The IMF believes that the underlying drivers for economic growth and investment in the U.S (wage growth, labor market conditions, low oil prices, strengthening housing market, and easy financial conditions) remain intact.
In the short term though, as a precious metal, platinum is being taken down by investors fleeing silver and gold.
Platinum as a Hedge Against Economic Uncertainty
The slow-and-steady economic growth trajectory doesn’t mean platinum couldn’t experience an unexpected pop. Like silver and gold, platinum is a physical asset that many investors use to hedge economic uncertainty. And there is a lot of uncertainty out there right now.
The stock market is one of the most uncertain things out there right now. The broader stock market continues to do well, but it’s being supported by ultra-low interest rates and cheap money. Fixed income investments are a bust, but getting money to dump into the stock market isn’t hard to come by.
You can only manipulate the stock market for so long. I enter the Chinese stock market as evidence of failed governmental intervention. East or west, eventually earnings and revenue will start to matter.
Right now they don’t seem to. While the S&P 500 continues to trade near record highs, it falls a little on the slightest bit of bad news and rebounds just as quickly. It’s been trading in a tight range since the beginning of the year and investors seem content with the status quo.
In the first quarter, the U.S. economy contracted 0.2%. In the second quarter, S&P 500 companies are expected to experience a 4.5% year-over-year decline in earnings; the first decline in more than two years and the biggest decline since 2009. Granted, it’s pretty hard to top the declines of 2009. Still, the S&P 500 does not exactly reflect a distressed market. In fact, investors continue to reward many companies by keeping their share prices at loft levels. (Source: factset.com, July 28, 2015.)
The markets are indeed lofty. According to the Case Shiller CAPE PE Ratio, the S&P 500 is overvalued by around 63%. The last times the ratio were this high was in 1929 and 1999. (Source: Yale.edu, last accessed July 28, 2015.)
According to the Market Cap to GDP ratio, U.S. stocks are overvalued by 26%. The Market Cap to GDP Ratio compares the total price of all publicly traded companies to gross domestic product (GDP). A reading of 100% suggests U.S. stocks are fairly valued. A reading above 100% suggests the stock market is overvalued. Conversely, a reading below 100% suggests it is undervalued. Based on the historical ratio of total market cap over GDP, the stock market currently sits at 126.6%.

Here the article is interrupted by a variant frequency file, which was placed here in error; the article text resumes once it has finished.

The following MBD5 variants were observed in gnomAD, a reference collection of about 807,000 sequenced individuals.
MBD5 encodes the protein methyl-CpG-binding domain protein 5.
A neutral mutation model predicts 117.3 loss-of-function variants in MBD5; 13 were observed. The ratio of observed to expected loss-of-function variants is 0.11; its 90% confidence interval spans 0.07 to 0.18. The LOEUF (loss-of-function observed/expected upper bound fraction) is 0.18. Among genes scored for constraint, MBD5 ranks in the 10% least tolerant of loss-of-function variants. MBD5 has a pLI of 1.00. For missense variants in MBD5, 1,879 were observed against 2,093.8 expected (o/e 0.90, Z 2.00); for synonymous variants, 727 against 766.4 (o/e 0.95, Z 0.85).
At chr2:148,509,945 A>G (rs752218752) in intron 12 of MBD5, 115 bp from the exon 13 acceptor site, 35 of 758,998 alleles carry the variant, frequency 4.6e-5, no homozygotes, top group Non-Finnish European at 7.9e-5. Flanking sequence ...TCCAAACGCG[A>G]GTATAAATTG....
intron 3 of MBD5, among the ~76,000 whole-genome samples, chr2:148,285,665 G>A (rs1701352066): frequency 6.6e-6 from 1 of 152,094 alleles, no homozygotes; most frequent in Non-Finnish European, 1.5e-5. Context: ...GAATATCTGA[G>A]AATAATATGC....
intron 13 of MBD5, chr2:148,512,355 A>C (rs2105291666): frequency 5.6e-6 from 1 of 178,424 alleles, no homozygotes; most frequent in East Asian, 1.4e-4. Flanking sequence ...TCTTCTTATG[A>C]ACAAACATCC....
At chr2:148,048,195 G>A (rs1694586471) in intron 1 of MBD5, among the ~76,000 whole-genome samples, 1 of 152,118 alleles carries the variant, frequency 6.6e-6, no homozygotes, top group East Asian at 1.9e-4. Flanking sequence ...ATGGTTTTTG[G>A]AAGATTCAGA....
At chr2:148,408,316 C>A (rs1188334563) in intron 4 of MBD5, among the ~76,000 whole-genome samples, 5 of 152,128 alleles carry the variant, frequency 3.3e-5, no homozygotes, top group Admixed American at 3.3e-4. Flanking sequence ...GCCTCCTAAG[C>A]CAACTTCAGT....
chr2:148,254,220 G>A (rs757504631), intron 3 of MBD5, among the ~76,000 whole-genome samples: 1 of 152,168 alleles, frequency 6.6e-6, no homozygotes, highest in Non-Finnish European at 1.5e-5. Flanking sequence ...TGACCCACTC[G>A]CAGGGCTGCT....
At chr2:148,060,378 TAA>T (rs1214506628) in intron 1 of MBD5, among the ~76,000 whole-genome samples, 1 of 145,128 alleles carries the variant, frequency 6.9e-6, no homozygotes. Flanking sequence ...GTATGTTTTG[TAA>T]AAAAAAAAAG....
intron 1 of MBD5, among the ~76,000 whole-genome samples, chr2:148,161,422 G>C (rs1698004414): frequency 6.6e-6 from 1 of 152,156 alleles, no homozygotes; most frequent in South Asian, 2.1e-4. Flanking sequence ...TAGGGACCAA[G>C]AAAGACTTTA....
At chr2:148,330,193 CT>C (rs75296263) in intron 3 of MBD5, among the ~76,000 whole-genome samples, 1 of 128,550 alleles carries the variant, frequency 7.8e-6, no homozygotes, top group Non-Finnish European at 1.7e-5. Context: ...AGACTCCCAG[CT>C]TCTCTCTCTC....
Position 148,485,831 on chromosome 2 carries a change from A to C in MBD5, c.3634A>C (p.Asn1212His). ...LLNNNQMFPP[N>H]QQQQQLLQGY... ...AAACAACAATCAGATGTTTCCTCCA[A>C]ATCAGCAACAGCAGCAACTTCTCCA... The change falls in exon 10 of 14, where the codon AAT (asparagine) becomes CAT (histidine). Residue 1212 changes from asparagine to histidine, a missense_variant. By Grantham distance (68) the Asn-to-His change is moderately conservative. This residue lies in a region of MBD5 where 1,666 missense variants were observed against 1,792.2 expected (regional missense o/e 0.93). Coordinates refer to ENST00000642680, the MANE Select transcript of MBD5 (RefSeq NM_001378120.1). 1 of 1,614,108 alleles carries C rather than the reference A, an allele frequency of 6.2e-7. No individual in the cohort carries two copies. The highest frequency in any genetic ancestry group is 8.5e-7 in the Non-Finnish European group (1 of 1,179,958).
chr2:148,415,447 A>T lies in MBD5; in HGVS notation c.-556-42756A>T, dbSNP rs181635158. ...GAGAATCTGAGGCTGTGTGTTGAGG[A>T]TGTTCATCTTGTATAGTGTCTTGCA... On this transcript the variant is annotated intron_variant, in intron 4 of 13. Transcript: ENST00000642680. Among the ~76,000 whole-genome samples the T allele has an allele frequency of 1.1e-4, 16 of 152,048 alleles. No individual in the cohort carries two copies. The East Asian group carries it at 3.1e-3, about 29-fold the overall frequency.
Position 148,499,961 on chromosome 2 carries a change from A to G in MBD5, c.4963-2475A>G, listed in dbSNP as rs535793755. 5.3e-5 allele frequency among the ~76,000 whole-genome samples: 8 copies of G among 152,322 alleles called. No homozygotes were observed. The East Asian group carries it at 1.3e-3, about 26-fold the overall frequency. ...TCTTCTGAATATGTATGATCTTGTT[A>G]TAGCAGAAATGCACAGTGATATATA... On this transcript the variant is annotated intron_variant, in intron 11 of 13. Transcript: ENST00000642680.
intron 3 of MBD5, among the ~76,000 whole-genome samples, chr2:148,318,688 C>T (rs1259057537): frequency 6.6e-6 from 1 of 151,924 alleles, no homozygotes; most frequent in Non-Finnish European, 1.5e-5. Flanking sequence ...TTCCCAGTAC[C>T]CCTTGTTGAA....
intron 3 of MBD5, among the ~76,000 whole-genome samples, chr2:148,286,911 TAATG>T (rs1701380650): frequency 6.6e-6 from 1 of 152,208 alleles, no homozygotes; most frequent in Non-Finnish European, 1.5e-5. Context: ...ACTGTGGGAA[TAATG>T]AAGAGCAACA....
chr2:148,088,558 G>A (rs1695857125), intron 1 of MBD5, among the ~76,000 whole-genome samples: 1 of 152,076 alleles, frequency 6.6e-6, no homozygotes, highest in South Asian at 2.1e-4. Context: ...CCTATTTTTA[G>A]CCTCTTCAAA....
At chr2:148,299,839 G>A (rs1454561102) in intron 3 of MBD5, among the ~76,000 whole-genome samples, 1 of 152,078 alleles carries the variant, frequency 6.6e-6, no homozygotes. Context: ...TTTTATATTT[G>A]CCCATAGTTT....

The ratio has only been higher once since 1950—that was in 1999 when it was frothing at 153.6%. It was only at 108% before the housing bubble burst in 2008.
The point is; the broader stock market will eventually experience a sustained correction. One that will send investors back into silver, gold, and platinum.
Investing in Platinum
There are a number of ways to invest in platinum. You can own physical platinum by buying platinum coins. Because platinum is historically expensive, you can buy platinum bullion coins or wafers for as little as $100.00.
Another common approach is to buy collectible platinum coins. But because they possess a numismatic value, will be more expensive. For example, you can purchase a one-ounce platinum coin from the U.S. mint with a face value of $100.00 for $1,350. Or you can purchase a one-ounce platinum bar for around $1,000.
Those interested in non-physical platinum investments can look at platinum mining stocks and mutual funds. Whether you’re bearish or bullish on platinum, you can bet on platinum’s long-term trajectory through exchange traded funds (ETFs). Advanced traders can also look at platinum options and futures.
Platinum Price Forecast
Again, it’s tough to be a short-term bull when it comes to platinum. But the foundations for long-term appreciation are in place.
Right now though, platinum prices are not following historic trends. Platinum may be more rare than gold but it isn’t playing out that way right now. As it stands, platinum is the poor man’s gold.
It could become more reasonably priced. Again, trading near $908.00 an ounce, platinum is at a six-year low. But it has also fallen below its 50-day and 200-day moving averages and has no real tested support until the $800.00 an ounce level.
Before buying low and selling high in 2016 and 2017, platinum bugs may want to wait it out a bit.